{% set baseFontFamily = "Open Sans" %} /* Add the font family you wish to use. You may need to import it above. */

{% set headerFontFamily = "Open Sans" %} /* This affects only headers on the site. Add the font family you wish to use. You may need to import it above. */

{% set textColor = "#565656" %} /* This sets the universal color of dark text on the site */

{% set pageCenter = "1400px" %} /* This sets the width of the website */

{% set headerType = "fixed" %} /* To make this a fixed header, change the value to "fixed" - otherwise, set it to "static" */

{% set lightGreyColor = "#f7f7f7" %} /* This affects all grey background sections */

{% set baseFontWeight = "normal" %} /* More than likely, you will use one of these values (higher = bolder): 300, 400, 700, 900 */

{% set headerFontWeight = "normal" %} /* For Headers; More than likely, you will use one of these values (higher = bolder): 300, 400, 700, 900 */

{% set buttonRadius = '40px' %} /* "0" for square edges, "10px" for rounded edges, "40px" for pill shape; This will change all buttons */

After you have updated your stylesheet, make sure you turn this module off

Lazy Days in the Cloud

by Joe Basirico on August 2, 2017

The cloud brings scalability, reliability and security features that allow companies of all sizes to run their online business efficiently.  These powerful capabilities often bring a false sense of a “security is already done” mentality and organizations are prone to take a more relaxed approach to their security efforts.  Additionally, while many of the cloud platform features are “built-in”, that doesn’t mean they are optimized for your organization out of the box – they still must be analyzed in the context of a larger security strategy and re-evaluated frequently.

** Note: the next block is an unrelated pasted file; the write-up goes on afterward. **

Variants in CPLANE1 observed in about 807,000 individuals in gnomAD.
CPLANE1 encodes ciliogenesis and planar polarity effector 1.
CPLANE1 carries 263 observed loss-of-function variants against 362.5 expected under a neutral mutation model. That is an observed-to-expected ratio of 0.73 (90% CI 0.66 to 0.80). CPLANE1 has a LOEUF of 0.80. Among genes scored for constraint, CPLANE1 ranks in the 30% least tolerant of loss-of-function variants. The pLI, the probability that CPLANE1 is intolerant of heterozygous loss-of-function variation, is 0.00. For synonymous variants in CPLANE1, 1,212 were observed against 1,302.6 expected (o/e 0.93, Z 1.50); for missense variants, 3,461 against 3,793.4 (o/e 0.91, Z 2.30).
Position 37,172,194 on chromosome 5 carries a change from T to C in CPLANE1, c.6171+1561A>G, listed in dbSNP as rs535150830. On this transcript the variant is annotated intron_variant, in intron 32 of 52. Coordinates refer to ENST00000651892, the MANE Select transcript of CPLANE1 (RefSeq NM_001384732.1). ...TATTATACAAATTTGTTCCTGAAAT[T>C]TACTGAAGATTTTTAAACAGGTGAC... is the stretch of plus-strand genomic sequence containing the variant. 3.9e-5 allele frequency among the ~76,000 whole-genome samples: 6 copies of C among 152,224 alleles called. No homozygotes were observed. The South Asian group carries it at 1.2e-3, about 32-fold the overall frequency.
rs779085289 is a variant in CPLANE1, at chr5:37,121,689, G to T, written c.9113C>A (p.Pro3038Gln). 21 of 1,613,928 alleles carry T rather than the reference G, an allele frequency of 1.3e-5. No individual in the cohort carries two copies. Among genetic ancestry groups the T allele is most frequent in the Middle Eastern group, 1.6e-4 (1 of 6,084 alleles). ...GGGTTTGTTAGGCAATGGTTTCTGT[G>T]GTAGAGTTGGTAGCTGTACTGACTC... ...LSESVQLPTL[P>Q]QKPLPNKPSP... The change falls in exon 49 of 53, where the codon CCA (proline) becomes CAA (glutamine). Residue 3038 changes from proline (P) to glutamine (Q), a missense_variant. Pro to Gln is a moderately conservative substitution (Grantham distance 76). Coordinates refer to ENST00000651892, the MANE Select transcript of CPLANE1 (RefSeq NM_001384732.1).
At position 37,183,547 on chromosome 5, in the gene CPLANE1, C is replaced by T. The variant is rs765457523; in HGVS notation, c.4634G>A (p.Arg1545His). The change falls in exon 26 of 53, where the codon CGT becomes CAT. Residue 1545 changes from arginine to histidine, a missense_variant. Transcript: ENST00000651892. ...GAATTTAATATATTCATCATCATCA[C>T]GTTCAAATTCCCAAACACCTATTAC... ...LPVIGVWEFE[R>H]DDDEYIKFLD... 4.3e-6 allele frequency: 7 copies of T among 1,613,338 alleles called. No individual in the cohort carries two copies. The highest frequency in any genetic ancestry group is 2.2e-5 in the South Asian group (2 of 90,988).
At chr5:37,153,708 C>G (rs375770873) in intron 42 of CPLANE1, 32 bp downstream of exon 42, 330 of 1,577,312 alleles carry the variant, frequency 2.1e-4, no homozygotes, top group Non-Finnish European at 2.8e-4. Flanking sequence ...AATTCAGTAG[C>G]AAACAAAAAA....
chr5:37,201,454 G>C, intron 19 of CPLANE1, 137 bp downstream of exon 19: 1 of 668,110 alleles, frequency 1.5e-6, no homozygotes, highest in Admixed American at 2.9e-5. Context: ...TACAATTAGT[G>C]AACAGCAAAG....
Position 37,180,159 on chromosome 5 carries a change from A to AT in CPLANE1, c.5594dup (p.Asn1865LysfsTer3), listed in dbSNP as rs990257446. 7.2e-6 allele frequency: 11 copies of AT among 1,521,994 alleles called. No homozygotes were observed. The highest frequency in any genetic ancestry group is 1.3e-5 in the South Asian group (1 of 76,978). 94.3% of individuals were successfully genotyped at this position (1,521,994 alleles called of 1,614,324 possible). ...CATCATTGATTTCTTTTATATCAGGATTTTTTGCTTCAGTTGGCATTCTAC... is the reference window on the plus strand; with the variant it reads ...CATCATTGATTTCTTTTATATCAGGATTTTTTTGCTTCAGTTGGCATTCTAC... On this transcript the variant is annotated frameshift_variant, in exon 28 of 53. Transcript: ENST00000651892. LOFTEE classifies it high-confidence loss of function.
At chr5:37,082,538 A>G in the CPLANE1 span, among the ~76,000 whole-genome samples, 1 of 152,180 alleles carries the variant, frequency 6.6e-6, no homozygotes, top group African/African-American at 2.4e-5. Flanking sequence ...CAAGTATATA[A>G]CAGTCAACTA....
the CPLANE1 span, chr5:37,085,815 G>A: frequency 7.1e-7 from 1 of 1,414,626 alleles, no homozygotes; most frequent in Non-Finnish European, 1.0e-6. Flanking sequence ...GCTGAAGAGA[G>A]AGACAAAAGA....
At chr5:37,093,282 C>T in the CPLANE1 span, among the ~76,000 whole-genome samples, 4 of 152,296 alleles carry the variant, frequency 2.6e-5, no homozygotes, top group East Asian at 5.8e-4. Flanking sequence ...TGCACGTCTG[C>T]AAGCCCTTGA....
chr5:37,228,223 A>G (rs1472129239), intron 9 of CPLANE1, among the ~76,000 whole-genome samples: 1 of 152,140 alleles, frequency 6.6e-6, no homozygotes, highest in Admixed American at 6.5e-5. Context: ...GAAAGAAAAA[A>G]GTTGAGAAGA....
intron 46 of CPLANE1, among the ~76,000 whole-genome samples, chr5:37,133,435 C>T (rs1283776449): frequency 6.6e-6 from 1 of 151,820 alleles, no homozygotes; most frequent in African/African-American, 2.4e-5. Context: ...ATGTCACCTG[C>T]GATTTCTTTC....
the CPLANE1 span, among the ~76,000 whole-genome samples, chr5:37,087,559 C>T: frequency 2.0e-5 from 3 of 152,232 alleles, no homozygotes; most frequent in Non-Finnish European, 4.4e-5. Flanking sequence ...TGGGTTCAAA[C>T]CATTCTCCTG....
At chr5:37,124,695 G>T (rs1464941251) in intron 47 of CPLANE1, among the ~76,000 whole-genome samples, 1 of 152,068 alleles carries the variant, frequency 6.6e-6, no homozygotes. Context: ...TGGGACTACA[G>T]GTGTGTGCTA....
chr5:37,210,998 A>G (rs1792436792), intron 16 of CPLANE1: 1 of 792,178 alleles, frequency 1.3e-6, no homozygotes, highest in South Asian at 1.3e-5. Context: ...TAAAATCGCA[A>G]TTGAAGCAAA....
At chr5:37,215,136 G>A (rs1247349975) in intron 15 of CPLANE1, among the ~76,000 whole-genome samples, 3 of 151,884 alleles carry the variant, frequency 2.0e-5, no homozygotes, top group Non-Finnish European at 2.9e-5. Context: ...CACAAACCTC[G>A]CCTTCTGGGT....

The recent compromise of almost 200 million registered U.S. voters AKA, the Upguard RNC Breach, was accidentally exposed online due to an improperly configured database setting that resided in the cloud.  Much has been written about this breach, so I won’t rehash that.  Instead, I want to focus on issues that I’ve seen with cloud deployment:

  • You must protect your data, no matter where it resides, cloud included
  • The cloud won’t automatically apply your appropriate risk tolerance level, you must set it appropriately
  • You must take steps to ensure each service, endpoint, etc. has been properly configured
  • You must treat the applications you run in the cloud as if they were running in a hostile environment, taking steps to protect yourself
  • In this particular case, S3 buckets and other services must be appropriately protected

The first lesson learned is that you still need to understand the underpinnings of the cloud infrastructure to take full advantage of its benefits. Had Upguard configured their AWS S3 bucket to not allow download or access privileges, this breach could have been avoided.   This may sound oversimplified and in actuality, it sadly is - but the point remains that misconfigurations, both obvious and obscure, happen frequently with cloud operations; thus, regular expert scrutiny is necessary.

This is also a perfect example of why regular attack simulations and red teaming are necessary – had Upguard conducted these, they would have most likely found the dra-dw amazon subdomain, realized it was an attack vector, and secured it in a proper manner.    

Topics: application risk & compliance, cloud security

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